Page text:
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  1. In an earlier work, the authors compared the writing style of Mechanical Engineering Technology (MET) students in an “untutored” state to the writing style of “tutored” students, where the tutoring was provided by “generic” writing center tutors. The results of this study showed that aside from changes in the diction of the students’ work, there was little measurable improvement in the quality of student writing as measured by both the AAC&U VALUE Rubric and by the authors’ voice-development-style-diction method. The current work builds on the results of the previous work by providing training on a just-in-time basis for the writing center tutors. As with previous years, the students participating in the study were MET students in a last-semester capstone industrial design course. This course is organized around a series of open-ended industry-sponsored projects for which the students are expected to develop a solution to a mechanical engineering problem. The students work on the projects in teams of three or four students and complete the work over a two-semester sequence offered annually on a fall-spring basis. The assignment in the study was identical to that of previous years: an “analysis” report in which students are expected to apply content from previous courses to one aspect of the industry-sponsored design project. The present study will compare the results from three iterations of the study: the work of “untutored” students, i.e. those who did not received any writing center assistance whatsoever, those who tutored by “generic” writing center tutors, and lastly, the works of those tutored by tutors specifically trained in support of the specific intervention. In the two cases where tutor interaction occurred, it was required as a component of the course to ensure participation by the entire student cohort. In general, the interactions with the specially-trained tutors produced works with a more mature writing style on the part of the student as compared to those works produced by students who had interacted with the untrained tutors or no tutors at all. The work will also discuss survey data collected on the “generic” and specially-trained tutoring sessions and discuss the differences in the results. Preliminary results show that the specially-trained tutors reported pronounced levels of engagement in the tutoring session, as measured by student note-taking, student questions, student receptiveness to suggestions, and student desire to understand the reasoning behind the tutors’ suggestions. Specially-trained tutors also reported significantly higher levels of student interest suggestions about grammar, style, content, format, and citations. Overall, it is concluded that specific training for the tutors was most associated with increased levels of interaction between tutor and student. As the students in the final group (“trained tutors”) were told prior to the tutoring session that the tutors were “specially trained,” it remains to be determined if the increased interaction was due to better tutor preparation or a higher estimation of the value of the tutoring session on the part of the students receiving the tutoring. This is proposed as an extension to the current work.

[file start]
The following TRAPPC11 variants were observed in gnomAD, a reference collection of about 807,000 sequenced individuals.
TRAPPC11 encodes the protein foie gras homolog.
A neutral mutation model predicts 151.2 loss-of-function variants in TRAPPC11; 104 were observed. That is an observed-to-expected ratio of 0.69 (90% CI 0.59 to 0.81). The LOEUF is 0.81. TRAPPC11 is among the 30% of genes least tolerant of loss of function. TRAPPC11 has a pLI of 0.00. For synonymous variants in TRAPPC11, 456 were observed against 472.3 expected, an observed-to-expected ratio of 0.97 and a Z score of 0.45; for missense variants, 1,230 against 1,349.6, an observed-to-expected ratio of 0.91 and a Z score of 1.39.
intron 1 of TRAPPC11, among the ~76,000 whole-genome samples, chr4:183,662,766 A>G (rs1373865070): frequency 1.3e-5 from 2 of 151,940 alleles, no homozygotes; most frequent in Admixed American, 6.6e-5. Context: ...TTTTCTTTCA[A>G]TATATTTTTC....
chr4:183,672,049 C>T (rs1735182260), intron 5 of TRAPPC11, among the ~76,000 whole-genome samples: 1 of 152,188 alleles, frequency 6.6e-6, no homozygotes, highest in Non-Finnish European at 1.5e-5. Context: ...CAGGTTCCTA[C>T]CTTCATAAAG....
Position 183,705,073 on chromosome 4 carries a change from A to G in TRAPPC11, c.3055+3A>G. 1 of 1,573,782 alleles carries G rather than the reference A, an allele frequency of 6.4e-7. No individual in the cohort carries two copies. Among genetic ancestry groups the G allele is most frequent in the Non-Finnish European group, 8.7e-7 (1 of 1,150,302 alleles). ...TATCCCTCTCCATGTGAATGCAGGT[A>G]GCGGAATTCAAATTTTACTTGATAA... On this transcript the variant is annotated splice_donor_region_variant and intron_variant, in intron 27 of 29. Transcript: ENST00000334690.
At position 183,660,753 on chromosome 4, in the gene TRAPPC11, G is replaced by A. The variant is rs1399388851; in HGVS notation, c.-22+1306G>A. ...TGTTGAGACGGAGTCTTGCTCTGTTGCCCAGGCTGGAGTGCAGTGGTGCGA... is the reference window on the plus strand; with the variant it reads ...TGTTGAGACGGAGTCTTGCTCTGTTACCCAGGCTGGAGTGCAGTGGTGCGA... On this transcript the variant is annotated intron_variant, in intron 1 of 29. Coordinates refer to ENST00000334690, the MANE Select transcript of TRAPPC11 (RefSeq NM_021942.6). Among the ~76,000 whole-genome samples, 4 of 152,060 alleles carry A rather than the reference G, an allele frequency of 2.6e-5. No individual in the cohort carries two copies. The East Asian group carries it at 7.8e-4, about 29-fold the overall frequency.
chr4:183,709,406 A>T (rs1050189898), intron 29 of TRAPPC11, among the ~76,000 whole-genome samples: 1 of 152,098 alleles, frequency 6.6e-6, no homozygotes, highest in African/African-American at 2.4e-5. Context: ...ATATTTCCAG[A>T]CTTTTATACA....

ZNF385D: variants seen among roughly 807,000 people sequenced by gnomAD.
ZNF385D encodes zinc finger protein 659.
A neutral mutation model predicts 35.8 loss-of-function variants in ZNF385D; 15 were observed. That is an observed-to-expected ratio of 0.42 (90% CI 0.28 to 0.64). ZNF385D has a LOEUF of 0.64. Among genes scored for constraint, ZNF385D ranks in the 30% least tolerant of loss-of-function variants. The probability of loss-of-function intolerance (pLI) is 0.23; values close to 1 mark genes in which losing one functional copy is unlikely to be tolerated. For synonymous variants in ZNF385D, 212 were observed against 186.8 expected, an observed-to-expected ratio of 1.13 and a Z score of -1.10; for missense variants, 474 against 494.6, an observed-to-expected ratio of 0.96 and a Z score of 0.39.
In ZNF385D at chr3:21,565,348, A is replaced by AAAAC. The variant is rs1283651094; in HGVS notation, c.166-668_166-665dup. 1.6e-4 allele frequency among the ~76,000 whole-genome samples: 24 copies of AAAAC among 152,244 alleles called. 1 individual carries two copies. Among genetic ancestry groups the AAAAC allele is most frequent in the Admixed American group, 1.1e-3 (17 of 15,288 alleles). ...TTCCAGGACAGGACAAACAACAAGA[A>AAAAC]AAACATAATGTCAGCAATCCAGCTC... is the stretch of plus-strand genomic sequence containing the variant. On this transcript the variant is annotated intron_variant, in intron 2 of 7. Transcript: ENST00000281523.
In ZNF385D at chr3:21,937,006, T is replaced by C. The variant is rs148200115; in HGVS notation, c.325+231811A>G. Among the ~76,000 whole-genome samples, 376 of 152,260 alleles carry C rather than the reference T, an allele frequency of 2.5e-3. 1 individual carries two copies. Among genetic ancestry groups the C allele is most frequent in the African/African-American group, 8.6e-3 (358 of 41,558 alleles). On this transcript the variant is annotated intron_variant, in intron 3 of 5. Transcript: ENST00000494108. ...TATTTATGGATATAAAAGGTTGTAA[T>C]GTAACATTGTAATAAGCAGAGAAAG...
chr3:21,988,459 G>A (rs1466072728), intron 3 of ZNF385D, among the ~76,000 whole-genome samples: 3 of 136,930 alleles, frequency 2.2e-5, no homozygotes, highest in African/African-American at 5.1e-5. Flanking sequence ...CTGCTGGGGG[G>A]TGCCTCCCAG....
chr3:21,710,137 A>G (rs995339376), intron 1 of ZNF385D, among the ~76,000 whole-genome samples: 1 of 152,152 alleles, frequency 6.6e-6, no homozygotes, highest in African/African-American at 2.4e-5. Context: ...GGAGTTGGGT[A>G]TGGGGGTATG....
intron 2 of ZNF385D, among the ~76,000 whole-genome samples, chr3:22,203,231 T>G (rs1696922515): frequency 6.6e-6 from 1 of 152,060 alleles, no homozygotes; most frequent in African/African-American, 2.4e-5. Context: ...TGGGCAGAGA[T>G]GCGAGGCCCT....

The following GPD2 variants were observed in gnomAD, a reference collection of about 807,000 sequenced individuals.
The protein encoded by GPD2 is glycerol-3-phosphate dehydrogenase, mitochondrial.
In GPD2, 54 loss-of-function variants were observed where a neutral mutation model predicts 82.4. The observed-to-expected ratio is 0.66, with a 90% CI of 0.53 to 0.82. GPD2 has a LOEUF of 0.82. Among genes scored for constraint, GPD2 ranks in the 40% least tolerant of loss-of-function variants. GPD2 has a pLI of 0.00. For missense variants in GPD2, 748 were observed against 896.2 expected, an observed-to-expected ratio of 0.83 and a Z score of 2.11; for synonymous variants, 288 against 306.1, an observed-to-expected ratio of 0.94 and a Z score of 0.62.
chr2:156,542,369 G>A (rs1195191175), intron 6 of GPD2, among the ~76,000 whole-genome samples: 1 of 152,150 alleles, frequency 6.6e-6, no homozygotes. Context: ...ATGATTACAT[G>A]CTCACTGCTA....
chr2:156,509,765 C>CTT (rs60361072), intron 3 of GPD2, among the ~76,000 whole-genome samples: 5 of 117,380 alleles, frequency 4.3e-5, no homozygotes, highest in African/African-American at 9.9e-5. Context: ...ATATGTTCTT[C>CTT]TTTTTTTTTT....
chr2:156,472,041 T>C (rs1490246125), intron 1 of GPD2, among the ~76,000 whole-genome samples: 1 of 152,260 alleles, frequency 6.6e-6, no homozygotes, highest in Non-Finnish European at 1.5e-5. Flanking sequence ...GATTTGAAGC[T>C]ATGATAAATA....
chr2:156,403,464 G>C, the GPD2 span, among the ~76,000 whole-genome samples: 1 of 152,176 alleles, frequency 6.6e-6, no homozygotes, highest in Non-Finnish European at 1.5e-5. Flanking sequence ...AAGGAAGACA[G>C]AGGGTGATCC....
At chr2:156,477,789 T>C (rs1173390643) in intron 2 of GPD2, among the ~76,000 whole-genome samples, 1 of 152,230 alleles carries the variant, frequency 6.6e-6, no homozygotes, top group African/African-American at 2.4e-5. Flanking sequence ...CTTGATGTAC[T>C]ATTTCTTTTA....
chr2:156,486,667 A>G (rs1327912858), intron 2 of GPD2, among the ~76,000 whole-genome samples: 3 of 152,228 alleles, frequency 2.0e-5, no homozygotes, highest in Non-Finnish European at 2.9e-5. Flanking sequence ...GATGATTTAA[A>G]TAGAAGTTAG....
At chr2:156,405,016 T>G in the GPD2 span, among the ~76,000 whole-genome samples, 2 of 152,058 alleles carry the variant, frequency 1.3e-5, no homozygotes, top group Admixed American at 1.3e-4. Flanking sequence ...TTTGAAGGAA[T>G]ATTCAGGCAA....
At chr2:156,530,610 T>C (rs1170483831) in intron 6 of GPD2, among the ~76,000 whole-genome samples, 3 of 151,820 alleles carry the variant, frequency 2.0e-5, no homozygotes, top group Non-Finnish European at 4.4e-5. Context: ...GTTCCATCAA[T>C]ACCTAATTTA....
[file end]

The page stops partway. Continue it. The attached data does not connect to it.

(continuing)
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  2. Undergraduate STEM writing skills, especially in engineering fields, need improvement. Yet students in engineering fields often do not value writing skills and underestimate the amount of writing they will do in their careers. University writing centers can be a helpful resource, but peer writing tutors need to be prepared for the differences between writing for the humanities and writing in STEM fields. The Writing Assignment Tutor Training in STEM (WATTS) model is designed to improve tutor confidence and student writing. In this innovative training, the writing center supervisor collaborates with the STEM instructor to create a one-hour tutor-training where the tutors learn about the assignment content, vocabulary, and expectations. This multidisciplinary collaborative project builds on previous investigative work to determine the impact of WATTS on students, tutors, and faculty and to identify its mitigating and moderating effects. Data has been collected and analyzed from pre- and post- training surveys, interviews, and focus groups. In addition, the project studies WATTS effects on student writing pre- and post-tutoring. The team will use these results to develop a replicable, sustainable model for future expansion to other institutions and fields. By systematically collecting data and testing WATTS, the investigators will be able to identify its mitigating and moderating effects on different stakeholders and contribute valuable knowledge to STEM fields. This approach assesses the elements of the model that have the most impact and the extent to which WATTS can be used to increase collaboration between engineering instructors and writing centers. The project enables the investigators to expand WATTS to additional engineering courses, test key factors with more instructors, refine the process, and position WATTS for dissemination to a broad audience. As the cost of higher education rises, institutions are pressured to graduate students in four years and engineering curricula are becoming more complex. WATTS presents an economical, effective method to improve student writing in the discipline. Several factors indicate that it has the potential for broad dissemination and impact and will provide a foundation for a sustainable model for future work, as instructors become trainers for their colleagues, allowing additional ongoing expansion and implementation. WATTS serves as a model for institutions (large or small) to capitalize on existing infrastructure and resources to achieve large-scale improvements to undergraduate STEM writing while increasing interdisciplinary collaboration and institutional support.